Baruch Spinoza

“Thus we see, that the mind can undergo many changes, and can pass sometimes to a state of greater perfection, sometimes to a state of lesser perfection. These passive states of transition explain to us the emotions of pleasure and pain. By pleasure therefore in the following propositions I shall signify a passive state wherein the mind passes to a greater perfection. By pain I shall signify a passive state wherein the mind passes to a lesser perfection. Further, the emotion of pleasure in reference to the body and mind together I shall call stimulation (titillatio) or merriment (hilaritas), the emotion of pain in the same relation I shall call suffering or melancholy. But we must bear in mind, that stimulation and suffering are attributed to man, when one part of his nature is more affected than the rest, merriment and melancholy, when all parts are alike affected. What I mean by desire I have explained in the note to Prop. ix. of this part; beyond these three I recognize no other primary emotion; I will show as I proceed, that all other emotions arise from these three.”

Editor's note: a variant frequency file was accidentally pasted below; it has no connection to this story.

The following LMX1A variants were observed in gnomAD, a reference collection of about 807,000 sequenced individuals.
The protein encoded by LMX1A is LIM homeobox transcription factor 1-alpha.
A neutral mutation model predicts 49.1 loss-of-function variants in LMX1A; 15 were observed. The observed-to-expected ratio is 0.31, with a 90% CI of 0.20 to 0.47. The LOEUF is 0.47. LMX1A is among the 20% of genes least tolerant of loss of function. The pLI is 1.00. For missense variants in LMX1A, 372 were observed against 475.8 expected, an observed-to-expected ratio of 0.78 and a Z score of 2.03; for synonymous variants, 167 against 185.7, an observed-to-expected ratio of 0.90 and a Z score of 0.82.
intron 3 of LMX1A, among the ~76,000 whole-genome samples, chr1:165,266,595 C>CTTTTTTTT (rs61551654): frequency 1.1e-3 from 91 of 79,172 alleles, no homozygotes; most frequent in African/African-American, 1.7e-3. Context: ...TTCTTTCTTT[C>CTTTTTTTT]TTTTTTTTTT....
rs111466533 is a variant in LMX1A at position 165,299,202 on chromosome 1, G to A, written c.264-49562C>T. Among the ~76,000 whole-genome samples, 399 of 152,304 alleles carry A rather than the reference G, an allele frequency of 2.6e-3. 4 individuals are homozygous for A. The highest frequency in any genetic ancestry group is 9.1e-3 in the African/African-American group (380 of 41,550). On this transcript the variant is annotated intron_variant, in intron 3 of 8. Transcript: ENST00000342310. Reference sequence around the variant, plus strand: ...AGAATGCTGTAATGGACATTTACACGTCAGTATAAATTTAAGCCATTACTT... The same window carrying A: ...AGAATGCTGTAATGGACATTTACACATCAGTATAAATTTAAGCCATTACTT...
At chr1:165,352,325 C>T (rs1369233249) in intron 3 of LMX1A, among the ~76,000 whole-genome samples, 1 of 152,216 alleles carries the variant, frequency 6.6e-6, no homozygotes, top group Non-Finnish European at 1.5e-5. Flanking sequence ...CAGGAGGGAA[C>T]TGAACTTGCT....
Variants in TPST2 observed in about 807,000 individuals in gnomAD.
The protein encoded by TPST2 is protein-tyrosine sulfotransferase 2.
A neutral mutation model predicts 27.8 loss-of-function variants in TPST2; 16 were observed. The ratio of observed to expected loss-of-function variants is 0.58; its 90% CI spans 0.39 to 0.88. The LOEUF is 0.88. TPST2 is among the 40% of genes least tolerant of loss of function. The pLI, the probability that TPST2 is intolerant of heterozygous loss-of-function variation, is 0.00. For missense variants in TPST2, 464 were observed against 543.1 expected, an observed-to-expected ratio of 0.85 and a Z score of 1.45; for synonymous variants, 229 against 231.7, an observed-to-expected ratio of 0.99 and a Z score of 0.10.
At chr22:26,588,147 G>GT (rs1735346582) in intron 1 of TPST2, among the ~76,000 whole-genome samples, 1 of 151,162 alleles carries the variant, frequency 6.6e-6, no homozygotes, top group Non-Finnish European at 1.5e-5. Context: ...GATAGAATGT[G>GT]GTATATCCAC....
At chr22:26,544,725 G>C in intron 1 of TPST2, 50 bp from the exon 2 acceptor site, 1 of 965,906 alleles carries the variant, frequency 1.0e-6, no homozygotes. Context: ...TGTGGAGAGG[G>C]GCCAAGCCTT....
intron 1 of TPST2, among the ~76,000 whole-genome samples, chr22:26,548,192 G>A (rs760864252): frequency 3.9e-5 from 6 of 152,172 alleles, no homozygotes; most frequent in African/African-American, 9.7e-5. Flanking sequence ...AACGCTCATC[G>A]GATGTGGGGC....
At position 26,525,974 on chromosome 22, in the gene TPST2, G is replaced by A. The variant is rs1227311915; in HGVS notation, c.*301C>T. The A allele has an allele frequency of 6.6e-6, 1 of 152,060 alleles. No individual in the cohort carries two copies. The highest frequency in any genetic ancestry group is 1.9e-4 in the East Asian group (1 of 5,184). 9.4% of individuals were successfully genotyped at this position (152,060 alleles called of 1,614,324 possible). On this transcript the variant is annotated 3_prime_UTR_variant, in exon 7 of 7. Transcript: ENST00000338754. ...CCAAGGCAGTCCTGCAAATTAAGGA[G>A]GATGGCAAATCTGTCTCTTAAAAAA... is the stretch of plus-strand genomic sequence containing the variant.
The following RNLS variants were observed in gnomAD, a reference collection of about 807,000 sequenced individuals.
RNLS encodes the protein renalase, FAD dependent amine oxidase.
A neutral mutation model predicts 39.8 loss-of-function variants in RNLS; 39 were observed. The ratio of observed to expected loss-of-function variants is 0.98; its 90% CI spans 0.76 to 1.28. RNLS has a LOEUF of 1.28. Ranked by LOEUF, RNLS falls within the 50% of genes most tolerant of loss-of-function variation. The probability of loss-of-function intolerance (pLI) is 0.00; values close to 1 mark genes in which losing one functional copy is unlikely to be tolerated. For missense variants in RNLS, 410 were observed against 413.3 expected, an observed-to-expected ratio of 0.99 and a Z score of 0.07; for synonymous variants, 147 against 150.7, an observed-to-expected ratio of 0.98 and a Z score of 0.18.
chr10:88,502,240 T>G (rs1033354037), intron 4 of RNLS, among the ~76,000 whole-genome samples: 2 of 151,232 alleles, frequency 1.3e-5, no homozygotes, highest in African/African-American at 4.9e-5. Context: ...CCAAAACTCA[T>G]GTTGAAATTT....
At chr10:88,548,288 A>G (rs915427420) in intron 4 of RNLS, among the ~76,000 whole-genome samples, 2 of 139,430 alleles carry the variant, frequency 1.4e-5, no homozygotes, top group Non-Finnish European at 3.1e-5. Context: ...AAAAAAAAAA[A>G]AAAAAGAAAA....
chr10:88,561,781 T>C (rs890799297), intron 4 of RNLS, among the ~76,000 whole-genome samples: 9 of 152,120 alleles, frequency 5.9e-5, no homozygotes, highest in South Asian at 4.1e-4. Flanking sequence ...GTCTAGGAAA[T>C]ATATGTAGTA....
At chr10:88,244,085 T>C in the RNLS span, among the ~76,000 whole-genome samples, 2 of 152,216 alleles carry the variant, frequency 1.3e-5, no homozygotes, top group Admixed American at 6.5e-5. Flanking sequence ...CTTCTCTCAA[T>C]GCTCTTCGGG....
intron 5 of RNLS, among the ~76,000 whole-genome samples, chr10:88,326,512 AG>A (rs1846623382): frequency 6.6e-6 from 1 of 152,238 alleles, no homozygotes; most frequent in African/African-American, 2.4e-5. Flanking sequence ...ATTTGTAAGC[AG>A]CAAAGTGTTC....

Baruch Spinoza, Ethics
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Ethics Ethics by Baruch Spinoza
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